2.4                         y     0x00000000004009fd in foo::overload1arg(unsigned char)
                                       at src/gdb/testsuite/gdb.cp/ovldbreak.cc:116
 2.5                         y     0x0000000000400a16 in foo::overload1arg(short) 
                                       at src/gdb/testsuite/gdb.cp/ovldbreak.cc:119
 2.6                         y     0x0000000000400a32 in foo::overload1arg(unsigned short)
                                       at src/gdb/testsuite/gdb.cp/ovldbreak.cc:122
 2.7                         y     0x0000000000400a4b in foo::overload1arg(int) 
                                       at src/gdb/testsuite/gdb.cp/ovldbreak.cc:125
 2.8                         y     0x0000000000400a65 in foo::overload1arg(unsigned int) 
                                       at src/gdb/testsuite/gdb.cp/ovldbreak.cc:128
 2.9                         y     0x0000000000400a80 in foo::overload1arg(long) 
                                       at src/gdb/testsuite/gdb.cp/ovldbreak.cc:131
 2.10                        y     0x0000000000400a9c in foo::overload1arg(unsigned long) 
                                       at src/gdb/testsuite/gdb.cp/ovldbreak.cc:134
 2.11                        y     0x0000000000400ab9 in foo::overload1arg(float) 
                                       at src/gdb/testsuite/gdb.cp/ovldbreak.cc:137
 2.12                        y     0x0000000000400ad7 in foo::overload1arg(double) 
                                       at src/gdb/testsuite/gdb.cp/ovldbreak.cc:140

Above, it's easy to disable the location for the "(long)" overload, for example.
Or at least, it's doable with the given information, because each method's
prototype is shown.

But if a user sets a breakpoint at an inline function, and then gets back this:

(gdb) inf br
Num     Type           Disp Enb Address            What
1       breakpoint     keep y   <MULTIPLE>    
1.1       breakpoint     keep y   0x0000000000400434 in inline_func at test.c:5
1.2       breakpoint     keep y   0x0000000000404534 in inline_func at test.c:5
1.3       breakpoint     keep y   0x0000000000405404 in inline_func at test.c:5
1.4       breakpoint     keep y   0x0000000000402345 in inline_func at test.c:5
1.5       breakpoint     keep y   0x0000000000435554 in inline_func at test.c:5
1.6       breakpoint     keep y   0x0000000000556566 in inline_func at test.c:5
...
...
1.70      breakpoint     keep y   0x0000000000645454 in inline_func at test.c:5

then I don't know what can the user do to quickly distinguish each of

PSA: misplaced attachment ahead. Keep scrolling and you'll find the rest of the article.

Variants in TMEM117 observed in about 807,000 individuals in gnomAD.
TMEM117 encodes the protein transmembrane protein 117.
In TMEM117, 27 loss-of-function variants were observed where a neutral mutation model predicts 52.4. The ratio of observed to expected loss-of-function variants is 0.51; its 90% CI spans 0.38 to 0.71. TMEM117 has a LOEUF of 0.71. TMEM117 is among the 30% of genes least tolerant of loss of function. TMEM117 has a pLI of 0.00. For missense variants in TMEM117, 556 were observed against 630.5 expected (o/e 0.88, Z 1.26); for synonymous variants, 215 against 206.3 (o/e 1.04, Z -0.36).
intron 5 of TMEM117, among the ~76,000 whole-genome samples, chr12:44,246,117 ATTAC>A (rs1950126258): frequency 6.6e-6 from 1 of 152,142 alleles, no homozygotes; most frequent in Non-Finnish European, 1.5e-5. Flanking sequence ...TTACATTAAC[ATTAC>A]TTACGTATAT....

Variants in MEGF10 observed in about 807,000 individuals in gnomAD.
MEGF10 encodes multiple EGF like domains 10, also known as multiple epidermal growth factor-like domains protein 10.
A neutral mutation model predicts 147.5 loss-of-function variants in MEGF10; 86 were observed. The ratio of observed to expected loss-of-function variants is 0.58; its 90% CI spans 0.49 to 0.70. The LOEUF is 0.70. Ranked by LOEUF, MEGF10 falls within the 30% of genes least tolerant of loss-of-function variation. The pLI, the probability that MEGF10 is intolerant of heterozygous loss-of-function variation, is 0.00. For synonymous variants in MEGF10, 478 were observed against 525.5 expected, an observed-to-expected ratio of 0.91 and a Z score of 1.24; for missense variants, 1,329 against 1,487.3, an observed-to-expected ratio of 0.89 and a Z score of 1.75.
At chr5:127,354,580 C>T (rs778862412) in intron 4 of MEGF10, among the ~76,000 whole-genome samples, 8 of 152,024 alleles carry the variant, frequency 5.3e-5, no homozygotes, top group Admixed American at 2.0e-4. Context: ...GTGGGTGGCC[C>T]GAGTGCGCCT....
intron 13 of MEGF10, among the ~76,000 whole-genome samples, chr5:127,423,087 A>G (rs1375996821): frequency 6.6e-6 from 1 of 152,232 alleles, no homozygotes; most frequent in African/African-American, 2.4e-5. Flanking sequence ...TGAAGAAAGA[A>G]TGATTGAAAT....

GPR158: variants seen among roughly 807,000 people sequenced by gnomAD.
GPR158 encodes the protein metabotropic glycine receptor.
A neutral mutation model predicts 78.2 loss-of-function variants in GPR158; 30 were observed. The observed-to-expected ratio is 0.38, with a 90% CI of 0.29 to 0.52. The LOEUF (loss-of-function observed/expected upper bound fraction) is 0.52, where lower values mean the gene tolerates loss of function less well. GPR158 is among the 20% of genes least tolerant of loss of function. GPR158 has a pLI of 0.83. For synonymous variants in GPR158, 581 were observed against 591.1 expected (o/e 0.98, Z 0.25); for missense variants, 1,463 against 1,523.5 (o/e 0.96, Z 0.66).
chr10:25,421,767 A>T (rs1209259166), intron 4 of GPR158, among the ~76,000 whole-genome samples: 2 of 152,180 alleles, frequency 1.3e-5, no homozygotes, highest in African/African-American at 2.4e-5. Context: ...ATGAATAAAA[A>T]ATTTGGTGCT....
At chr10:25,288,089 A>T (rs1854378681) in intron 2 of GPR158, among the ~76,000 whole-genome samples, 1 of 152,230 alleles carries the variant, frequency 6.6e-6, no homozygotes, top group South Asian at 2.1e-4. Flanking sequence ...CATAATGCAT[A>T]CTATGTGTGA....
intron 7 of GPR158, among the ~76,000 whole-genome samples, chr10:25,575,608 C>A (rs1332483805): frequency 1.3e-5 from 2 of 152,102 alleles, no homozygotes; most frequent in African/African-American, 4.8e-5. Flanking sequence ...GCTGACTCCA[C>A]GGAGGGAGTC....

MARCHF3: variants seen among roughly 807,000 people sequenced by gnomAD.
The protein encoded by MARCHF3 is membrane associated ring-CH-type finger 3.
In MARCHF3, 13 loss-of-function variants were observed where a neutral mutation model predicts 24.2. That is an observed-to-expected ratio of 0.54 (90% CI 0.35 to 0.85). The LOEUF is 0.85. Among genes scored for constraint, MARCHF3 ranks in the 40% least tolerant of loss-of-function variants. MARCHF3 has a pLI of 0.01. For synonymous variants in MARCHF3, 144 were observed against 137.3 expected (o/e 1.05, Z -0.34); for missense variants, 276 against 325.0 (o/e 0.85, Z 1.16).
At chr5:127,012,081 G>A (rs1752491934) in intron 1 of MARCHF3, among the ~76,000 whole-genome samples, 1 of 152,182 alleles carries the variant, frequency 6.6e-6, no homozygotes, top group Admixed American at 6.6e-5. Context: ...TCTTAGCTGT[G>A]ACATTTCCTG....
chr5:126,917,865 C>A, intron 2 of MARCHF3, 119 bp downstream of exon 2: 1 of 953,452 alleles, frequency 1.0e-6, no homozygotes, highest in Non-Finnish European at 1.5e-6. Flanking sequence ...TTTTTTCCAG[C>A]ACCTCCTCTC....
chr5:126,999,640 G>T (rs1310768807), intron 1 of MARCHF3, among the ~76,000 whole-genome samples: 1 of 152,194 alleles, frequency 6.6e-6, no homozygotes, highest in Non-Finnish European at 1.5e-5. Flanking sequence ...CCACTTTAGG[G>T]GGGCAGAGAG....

the locations.  I would think that ideally a user would want to be able to 
quickly figure out from this output where each inline expansion occurred, in order
to be able to conveniently disable a location for a particular inline
expansion site, for being a non-interesting location that triggers
all too often, for example.

So I'd imagine something like this would be more helpful:

(gdb) inf br
Num     Type           Disp Enb Address            What
1       breakpoint     keep y   <MULTIPLE>    
1.1     breakpoint     keep y   0x0000000000400434 in inline_func at test.c:5
1.2     breakpoint     keep y   0x0000000000404534 in inline_func at test.c:5
                                  inlined in foo at foo.c:1020
1.3     breakpoint     keep y   0x0000000000404534 in inline_func at test.c:5
                                  inlined in bar at bar.c:1020
...

I.e., the first location is the out of line copy, and other two are
inline expansions.

Thanks,
Pedro Alves
diff mbox

Patch

diff --git a/gdb/inline-frame.c b/gdb/inline-frame.c
index e5d7360..d535dcb 100644
--- a/gdb/inline-frame.c
+++ b/gdb/inline-frame.c
@@ -301,13 +301,32 @@  block_starting_point_at (CORE_ADDR pc, const struct block *block)
    user steps into them.  */
 
 void
-skip_inline_frames (ptid_t ptid)
+skip_inline_frames (ptid_t ptid, struct breakpoint *bpt)
 {
   CORE_ADDR this_pc;
   const struct block *frame_block, *cur_block;
   struct symbol *last_sym = NULL;
   int skip_count = 0;
   struct inline_state *state;
+  struct linespec_result canonical;
+
+  
+  if (bpt == NULL)
+    canonical.sals = NULL;
+  else
+    {
+      char *addr_string = bpt->addr_string;
+
+      TRY
+	{
+	  decode_line_full (&addr_string, DECODE_LINE_FUNFIRSTLINE, NULL, 0,
+			    &canonical, multiple_symbols_all, NULL);
+	}
+      CATCH (e, RETURN_MASK_ERROR)
+	{
+	}
+      END_CATCH
+    }
 
   /* This function is called right after reinitializing the frame
      cache.  We try not to do more unwinding than absolutely
@@ -327,6 +346,20 @@  skip_inline_frames (ptid_t ptid)
 	      if (BLOCK_START (cur_block) == this_pc
 		  || block_starting_point_at (this_pc, cur_block))
 		{
+		  int lsal_i;
+		  struct linespec_sals *lsal;
+
+		  for (lsal_i = 0; VEC_iterate (linespec_sals, canonical->sals, lsal_i, lsal); lsal_i++)
+		    {
+		      struct symtabs_and_lines *sals = lsal->sals;
+
+		      for (sals_i = 0; sals_i < sals->nelts; sals_i++)
+			{
+			  struct struct symtab_and_line *sal = *sals->sals[sals_i];
+
+			}
+		    }
+
 		  skip_count++;
 		  last_sym = BLOCK_FUNCTION (cur_block);
 		}